Second-Class Medicare for Dually Eligible People Violates Civil Rights, Worsens Disparities, and Harms Millions
Louisiana Asks Congress to Stop Healthcare Discrimination for Five Million Dually Eligible People with Medicare and Medicaid
- Louisiana House and Senate Concurrent Resolution No. 173 – Part 1, Part 2
- NACDEP Letter to the Louisiana Congressional Delegation
New Orleans City Council Rejects Louisiana Healthcare Discrimination
- City Council President Statement
- Part 1. YouTube Presentation, Sheldon Hersh, MD
- Part 2. YouTube Presentation, Sheldon Hersh, MD
Louisiana Healthcare Agency Penalizes Orleans, Jefferson, St. Bernard, and Plaquemines Parishes
Healthcare Discrimination in New Orleans, Louisiana, and Nationwide
NACDEP office reopens in Central City New Orleans.
August 29, 2005
Hurricane Katrina destroys NACDEP office in Mid-City New Orleans.
NACDEP President, Sheldon Hersh, MD, presents “Low-Income Medicare Beneficiaries: Who Are They, and Why Should We Care?” at the American Geriatrics Society Annual Meeting.
NACDEP President, Sheldon Hersh, MD, receives Louisiana Geriatrics Society Leadership Award.
A Federal Crossover Program for Primary Care Services for Dually Eligible People, which Costs Less than 2% of the National Governors Association Proposal
NACDEP Improves Access to Home Health Services for 104,000 Dually Eligible People in Louisiana
The Story in Slides: Dually Eligible with Medicare and Medicaid
- Part 1. Notes to the Presentation
- Part 2. View the Slide Presentation
Dually Eligible People With Medicare and Medicaid, “The Elderly and Disabled Poor”, Sheldon Hersh, MD, New Orleans, Louisiana
Dually Eligible People with Medicare and Medicaid.
“Turning healthcare disparity into healthcare equality while saving healthcare dollars”
NACDEP, the National Coalition for Dually Eligible People, https://nacdep.org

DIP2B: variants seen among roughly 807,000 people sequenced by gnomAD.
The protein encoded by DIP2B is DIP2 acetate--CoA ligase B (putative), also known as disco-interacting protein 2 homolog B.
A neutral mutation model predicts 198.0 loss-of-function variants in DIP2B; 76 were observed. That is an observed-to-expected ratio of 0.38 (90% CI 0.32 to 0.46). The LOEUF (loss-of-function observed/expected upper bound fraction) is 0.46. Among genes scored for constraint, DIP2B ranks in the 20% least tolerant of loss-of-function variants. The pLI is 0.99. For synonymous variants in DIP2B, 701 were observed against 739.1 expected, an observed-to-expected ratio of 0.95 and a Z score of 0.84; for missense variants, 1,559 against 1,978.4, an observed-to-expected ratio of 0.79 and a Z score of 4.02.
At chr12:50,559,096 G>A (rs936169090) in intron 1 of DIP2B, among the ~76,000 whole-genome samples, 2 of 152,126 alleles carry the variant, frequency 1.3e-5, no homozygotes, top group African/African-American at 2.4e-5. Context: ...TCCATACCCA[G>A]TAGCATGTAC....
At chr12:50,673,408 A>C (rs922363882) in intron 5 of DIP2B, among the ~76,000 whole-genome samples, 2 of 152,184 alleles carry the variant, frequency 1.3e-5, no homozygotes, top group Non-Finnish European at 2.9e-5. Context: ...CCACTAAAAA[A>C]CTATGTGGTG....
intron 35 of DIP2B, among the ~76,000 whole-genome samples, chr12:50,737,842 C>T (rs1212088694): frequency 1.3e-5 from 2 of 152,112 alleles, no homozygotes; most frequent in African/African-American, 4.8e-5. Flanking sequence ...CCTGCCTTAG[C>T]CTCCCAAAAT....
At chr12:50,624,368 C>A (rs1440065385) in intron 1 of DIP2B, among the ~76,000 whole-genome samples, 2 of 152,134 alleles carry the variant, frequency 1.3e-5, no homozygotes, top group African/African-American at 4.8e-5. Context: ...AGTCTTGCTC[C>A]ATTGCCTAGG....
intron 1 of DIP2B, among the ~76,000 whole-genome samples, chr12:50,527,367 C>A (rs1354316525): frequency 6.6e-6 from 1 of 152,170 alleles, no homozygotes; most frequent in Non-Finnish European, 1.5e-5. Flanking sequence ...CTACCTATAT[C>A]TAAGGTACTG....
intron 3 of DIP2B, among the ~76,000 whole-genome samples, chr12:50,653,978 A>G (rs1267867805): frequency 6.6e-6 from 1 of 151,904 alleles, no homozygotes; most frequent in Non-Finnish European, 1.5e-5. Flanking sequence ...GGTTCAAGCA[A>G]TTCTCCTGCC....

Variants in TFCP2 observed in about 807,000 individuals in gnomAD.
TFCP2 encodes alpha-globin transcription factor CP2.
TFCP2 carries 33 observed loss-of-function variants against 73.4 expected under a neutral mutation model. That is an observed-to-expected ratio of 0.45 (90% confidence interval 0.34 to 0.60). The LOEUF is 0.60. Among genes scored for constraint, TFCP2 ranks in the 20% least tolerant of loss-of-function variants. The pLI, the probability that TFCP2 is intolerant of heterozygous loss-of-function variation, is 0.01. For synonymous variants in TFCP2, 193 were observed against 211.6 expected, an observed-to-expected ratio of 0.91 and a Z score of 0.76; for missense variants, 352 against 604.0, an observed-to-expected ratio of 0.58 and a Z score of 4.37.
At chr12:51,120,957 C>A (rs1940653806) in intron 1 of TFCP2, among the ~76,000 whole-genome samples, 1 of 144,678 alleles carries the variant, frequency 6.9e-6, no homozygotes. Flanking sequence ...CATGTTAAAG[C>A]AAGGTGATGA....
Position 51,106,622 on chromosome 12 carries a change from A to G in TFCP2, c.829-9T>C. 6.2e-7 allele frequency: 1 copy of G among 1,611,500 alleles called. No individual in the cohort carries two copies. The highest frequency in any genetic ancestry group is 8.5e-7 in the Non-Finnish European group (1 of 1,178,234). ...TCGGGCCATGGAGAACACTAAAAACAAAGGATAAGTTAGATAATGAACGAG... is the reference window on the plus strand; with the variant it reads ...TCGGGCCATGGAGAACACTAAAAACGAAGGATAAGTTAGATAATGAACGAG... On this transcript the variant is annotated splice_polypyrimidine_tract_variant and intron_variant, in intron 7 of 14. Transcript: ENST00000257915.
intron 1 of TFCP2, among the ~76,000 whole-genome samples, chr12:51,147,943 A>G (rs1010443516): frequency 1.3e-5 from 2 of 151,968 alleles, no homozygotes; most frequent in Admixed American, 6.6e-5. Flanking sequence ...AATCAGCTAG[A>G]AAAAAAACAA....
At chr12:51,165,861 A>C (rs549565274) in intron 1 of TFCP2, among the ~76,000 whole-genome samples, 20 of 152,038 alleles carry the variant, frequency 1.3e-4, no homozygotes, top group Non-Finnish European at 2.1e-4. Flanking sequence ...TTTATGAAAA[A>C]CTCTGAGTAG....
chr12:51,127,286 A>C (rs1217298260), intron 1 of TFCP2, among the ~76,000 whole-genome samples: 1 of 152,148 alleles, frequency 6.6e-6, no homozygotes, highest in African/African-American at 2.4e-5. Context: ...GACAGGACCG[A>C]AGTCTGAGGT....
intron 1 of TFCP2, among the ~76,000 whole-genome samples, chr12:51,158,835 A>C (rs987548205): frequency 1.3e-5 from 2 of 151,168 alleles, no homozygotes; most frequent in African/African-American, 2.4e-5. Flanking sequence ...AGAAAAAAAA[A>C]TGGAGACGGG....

Dually Eligible People with Medicare and Medicaid — At the Center of the Next Debate:
Because of their medical frailty, their social and racial demographics, their great expense, and their expanding growth rate, dually eligible people — “the elderly and disabled poor” — will occupy a central position in the upcoming debates over national healthcare financing and disparities in health care in the 21st century.
Sheldon M Hersh, MD
Louisiana Geriatrics Society Annual Meeting
New Orleans, Louisiana, 2003
Excerpts from the Paper
Poverty, disability, and minorities are linked.
“Poverty, disability, and minorities are linked. A government policy that decreases reimbursement for Medicare beneficiaries because they are disabled and poor causes disproportionate harm to dually eligible African Americans.”
Most major American cities have neighborhoods that mirror New Orleans neighborhoods.
“Most major American cities, including Cleveland, New York, Atlanta, Phoenix, and Los Angeles, have poor, racially and residentially segregated neighborhoods that mirror New Orleans neighborhoods.”
Save millions of dollars for states and billions for our nation…
“Identifying these vulnerable people and improving their access to physician care in the community can save millions of dollars for states and billions for our nation.”